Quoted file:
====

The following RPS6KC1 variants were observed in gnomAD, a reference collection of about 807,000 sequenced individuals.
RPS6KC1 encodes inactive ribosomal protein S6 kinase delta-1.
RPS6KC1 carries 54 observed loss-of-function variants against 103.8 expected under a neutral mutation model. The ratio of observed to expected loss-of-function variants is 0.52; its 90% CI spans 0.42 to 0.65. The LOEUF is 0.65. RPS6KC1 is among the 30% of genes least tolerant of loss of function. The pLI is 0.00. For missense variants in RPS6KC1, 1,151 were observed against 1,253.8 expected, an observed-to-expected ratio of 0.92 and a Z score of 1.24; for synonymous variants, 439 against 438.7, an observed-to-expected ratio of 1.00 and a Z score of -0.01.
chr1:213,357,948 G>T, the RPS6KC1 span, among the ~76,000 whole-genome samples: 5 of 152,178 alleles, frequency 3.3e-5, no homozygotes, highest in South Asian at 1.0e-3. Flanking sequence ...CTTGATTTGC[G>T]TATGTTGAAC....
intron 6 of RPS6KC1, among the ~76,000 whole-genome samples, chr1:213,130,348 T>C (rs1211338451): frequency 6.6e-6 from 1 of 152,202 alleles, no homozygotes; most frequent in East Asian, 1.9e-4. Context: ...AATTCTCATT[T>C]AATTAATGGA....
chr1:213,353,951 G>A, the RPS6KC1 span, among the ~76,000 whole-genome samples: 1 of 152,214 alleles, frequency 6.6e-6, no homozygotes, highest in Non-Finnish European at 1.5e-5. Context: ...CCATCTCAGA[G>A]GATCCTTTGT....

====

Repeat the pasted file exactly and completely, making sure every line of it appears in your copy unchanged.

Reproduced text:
The following RPS6KC1 variants were observed in gnomAD, a reference collection of about 807,000 sequenced individuals.
RPS6KC1 encodes inactive ribosomal protein S6 kinase delta-1.
RPS6KC1 carries 54 observed loss-of-function variants against 103.8 expected under a neutral mutation model. The ratio of observed to expected loss-of-function variants is 0.52; its 90% CI spans 0.42 to 0.65. The LOEUF is 0.65. RPS6KC1 is among the 30% of genes least tolerant of loss of function. The pLI is 0.00. For missense variants in RPS6KC1, 1,151 were observed against 1,253.8 expected, an observed-to-expected ratio of 0.92 and a Z score of 1.24; for synonymous variants, 439 against 438.7, an observed-to-expected ratio of 1.00 and a Z score of -0.01.
chr1:213,357,948 G>T, the RPS6KC1 span, among the ~76,000 whole-genome samples: 5 of 152,178 alleles, frequency 3.3e-5, no homozygotes, highest in South Asian at 1.0e-3. Flanking sequence ...CTTGATTTGC[G>T]TATGTTGAAC....
intron 6 of RPS6KC1, among the ~76,000 whole-genome samples, chr1:213,130,348 T>C (rs1211338451): frequency 6.6e-6 from 1 of 152,202 alleles, no homozygotes; most frequent in East Asian, 1.9e-4. Context: ...AATTCTCATT[T>C]AATTAATGGA....
chr1:213,353,951 G>A, the RPS6KC1 span, among the ~76,000 whole-genome samples: 1 of 152,214 alleles, frequency 6.6e-6, no homozygotes, highest in Non-Finnish European at 1.5e-5. Context: ...CCATCTCAGA[G>A]GATCCTTTGT....